Nearly 25,000 students attending a range of charter schools in New York City returned to classes Monday, more than a week ahead of their district school counterparts, and other charters will open later this week. The privately-managed public schools are allowed to open earlier and to have longer days than the city's regular schools.
Charter boosters say this extended learning time has resulted in test scores that are often higher than those of the district schools, and has led to increased demand among parents.
More than 80,000 students will be enrolled in charters come September, an increase of about 13,000 since last year.
Some of those seats are at charters that are growing, but there are also 14 new schools. One of them is Boys Prep which opened Monday inside P.S. 107 in Soundview. Whitney Neal stood in line with her son Kayden waiting to enter the building shortly after 8 a.m.
"He gets distracted by girls, even though he's five," she laughed, as she explained why she chose the single-sex school. Kayden had a huge smile on his face as a staff member showed him a magic trick involving a penny. All of the boys wore grey polo shirts and black slacks.
Boys Prep received close to 800 applications for 140 seats chosen by lottery in kindergarten and first grade said Ian Rowe, chief executive officer of Public Prep, which also runs four Girls Prep charters in the Bronx and Manhattan. "We all know the statistics of a lot of minority males," he explained, referring to the achievement gap between black and Hispanic males and their white and Asian peers.
"If we can reach our kids, particularly young boys, early — starting at age 4 and age 5 — and expose them to a really rich curriculum, expose them to a group of adults who are completely invested in their success, who will work very closely with our families, we can have incredible outcomes," Rowe said.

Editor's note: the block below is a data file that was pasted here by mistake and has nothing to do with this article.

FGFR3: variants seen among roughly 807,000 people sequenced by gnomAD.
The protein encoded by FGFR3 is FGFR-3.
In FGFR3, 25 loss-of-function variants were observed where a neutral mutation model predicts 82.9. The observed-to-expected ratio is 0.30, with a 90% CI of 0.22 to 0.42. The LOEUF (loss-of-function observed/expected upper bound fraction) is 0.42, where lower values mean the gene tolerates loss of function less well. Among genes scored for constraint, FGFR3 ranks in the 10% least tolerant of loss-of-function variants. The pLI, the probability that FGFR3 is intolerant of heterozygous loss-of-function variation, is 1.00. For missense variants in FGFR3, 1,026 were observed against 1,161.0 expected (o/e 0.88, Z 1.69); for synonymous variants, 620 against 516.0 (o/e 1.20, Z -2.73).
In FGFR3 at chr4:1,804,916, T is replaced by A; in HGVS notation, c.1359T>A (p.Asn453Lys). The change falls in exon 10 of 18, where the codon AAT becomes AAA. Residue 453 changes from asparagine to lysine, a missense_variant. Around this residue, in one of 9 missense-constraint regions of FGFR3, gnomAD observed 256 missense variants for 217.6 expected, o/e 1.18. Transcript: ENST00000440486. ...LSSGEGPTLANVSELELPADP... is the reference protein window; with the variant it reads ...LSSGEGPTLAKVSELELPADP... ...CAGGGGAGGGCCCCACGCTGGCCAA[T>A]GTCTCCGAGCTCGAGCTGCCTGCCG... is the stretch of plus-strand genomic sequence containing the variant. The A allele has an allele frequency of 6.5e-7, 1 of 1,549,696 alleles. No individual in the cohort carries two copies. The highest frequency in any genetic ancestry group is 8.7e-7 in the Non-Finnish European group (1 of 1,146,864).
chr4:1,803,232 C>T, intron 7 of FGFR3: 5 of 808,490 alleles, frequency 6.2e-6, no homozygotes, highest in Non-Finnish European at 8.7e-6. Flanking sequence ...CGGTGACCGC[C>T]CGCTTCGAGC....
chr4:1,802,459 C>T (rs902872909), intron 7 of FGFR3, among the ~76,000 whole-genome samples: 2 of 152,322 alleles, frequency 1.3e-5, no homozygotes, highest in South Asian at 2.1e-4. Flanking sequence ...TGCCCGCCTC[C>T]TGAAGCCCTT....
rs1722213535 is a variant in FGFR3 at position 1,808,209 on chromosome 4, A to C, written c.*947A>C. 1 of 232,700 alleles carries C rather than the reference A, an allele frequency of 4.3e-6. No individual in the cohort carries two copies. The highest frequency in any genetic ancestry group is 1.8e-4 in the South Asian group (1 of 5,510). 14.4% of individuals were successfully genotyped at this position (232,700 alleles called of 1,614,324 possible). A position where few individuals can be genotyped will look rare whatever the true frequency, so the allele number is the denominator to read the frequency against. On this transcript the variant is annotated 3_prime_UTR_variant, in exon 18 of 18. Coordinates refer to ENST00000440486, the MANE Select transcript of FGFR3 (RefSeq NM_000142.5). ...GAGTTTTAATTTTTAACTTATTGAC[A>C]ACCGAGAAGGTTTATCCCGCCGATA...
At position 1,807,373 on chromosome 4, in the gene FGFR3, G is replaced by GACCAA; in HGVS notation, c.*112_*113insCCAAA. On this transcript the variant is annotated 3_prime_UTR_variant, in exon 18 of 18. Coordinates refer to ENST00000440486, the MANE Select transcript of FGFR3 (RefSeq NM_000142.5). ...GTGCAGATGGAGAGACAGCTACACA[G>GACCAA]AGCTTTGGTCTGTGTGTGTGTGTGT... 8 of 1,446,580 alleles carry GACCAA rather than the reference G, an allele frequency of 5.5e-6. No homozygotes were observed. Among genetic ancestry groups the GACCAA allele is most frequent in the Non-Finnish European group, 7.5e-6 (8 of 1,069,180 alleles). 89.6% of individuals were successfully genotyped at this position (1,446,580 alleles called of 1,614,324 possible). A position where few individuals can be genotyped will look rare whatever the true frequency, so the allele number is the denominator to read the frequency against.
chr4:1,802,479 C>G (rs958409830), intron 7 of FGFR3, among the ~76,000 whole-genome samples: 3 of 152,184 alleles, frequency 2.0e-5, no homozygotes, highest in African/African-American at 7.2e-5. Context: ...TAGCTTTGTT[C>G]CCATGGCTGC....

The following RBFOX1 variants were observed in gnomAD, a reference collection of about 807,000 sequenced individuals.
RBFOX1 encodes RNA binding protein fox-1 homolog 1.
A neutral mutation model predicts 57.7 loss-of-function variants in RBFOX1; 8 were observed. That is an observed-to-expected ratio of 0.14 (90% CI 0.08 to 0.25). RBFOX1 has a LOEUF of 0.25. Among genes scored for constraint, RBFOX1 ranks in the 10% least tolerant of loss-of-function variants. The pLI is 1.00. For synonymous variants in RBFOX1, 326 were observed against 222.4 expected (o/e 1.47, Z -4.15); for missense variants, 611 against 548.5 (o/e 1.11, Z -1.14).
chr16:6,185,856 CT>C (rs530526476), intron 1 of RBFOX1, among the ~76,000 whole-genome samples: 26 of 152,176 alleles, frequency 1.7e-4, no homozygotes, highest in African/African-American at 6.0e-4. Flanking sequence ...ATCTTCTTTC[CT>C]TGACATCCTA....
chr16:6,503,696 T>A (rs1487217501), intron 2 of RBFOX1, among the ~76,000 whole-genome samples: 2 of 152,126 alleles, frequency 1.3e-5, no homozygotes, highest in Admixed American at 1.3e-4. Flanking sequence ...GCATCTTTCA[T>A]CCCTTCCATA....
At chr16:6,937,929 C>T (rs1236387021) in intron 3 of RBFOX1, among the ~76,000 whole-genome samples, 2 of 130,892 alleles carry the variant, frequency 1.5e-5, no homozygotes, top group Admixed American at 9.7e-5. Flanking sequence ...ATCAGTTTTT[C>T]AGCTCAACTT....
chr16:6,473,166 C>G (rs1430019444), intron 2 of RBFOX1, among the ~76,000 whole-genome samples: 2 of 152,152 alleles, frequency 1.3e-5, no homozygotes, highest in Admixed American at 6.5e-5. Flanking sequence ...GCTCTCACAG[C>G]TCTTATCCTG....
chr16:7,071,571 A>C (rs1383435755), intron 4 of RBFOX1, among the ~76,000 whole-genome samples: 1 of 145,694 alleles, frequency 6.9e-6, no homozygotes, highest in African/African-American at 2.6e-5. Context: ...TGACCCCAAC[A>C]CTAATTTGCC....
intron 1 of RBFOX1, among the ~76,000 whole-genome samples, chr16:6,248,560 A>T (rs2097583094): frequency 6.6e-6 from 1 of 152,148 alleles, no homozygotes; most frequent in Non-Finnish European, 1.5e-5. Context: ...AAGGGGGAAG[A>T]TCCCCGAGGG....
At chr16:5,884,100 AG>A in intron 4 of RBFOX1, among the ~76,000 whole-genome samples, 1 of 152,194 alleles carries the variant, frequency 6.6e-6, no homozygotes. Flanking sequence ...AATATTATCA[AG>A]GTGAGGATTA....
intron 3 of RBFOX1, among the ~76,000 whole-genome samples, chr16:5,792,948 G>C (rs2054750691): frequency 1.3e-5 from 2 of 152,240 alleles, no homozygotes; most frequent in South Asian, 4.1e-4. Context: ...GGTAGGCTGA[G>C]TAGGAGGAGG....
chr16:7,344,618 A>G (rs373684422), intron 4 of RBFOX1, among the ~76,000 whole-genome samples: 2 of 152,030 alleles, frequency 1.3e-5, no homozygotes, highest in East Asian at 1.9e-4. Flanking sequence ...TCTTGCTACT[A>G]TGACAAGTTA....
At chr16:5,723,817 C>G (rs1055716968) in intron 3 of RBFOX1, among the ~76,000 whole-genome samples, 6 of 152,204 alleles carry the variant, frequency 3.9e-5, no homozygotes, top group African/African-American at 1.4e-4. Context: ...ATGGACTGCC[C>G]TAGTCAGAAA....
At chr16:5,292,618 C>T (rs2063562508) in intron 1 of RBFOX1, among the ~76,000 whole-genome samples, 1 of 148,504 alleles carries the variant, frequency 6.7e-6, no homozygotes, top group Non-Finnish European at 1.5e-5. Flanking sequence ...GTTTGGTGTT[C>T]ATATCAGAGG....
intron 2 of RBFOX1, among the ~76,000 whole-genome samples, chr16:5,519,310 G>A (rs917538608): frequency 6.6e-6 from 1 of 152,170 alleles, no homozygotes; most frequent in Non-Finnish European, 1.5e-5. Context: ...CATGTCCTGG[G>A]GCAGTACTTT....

Boys Prep will eventually grow to include fifth graders. Its founding principal is Peter Herzberg, who was previously associate head of school at Brearley, a private all-girls school in Manhattan. The 60 year-old educator said he was thrilled to bring his experience to an all-boys public charter school.
He said its curriculum will be "a little less scripted" than other charters, with "more room for boys to move and play and explore."
They'll have gym and science classes every day as well as three periods each week of music. He noted that many boys enter kindergarten and first grade diagnosed with attention deficit hyperactivity disorder, "and our job is to make sure we separate what is just boy behavior" from that which is "over-diagnosed and sometimes repressed" by schools.
There are conflicting schools of thought about whether single sex education has any impact on student achievement. But Herzberg said they're were worth trying given the lower graduation rates and higher suspension rates of so many boys. He also said half of his 24 staffers are male, which is rare in elementary schools.
The city's Department of Education said there are now 21 single sex public schools, including charters.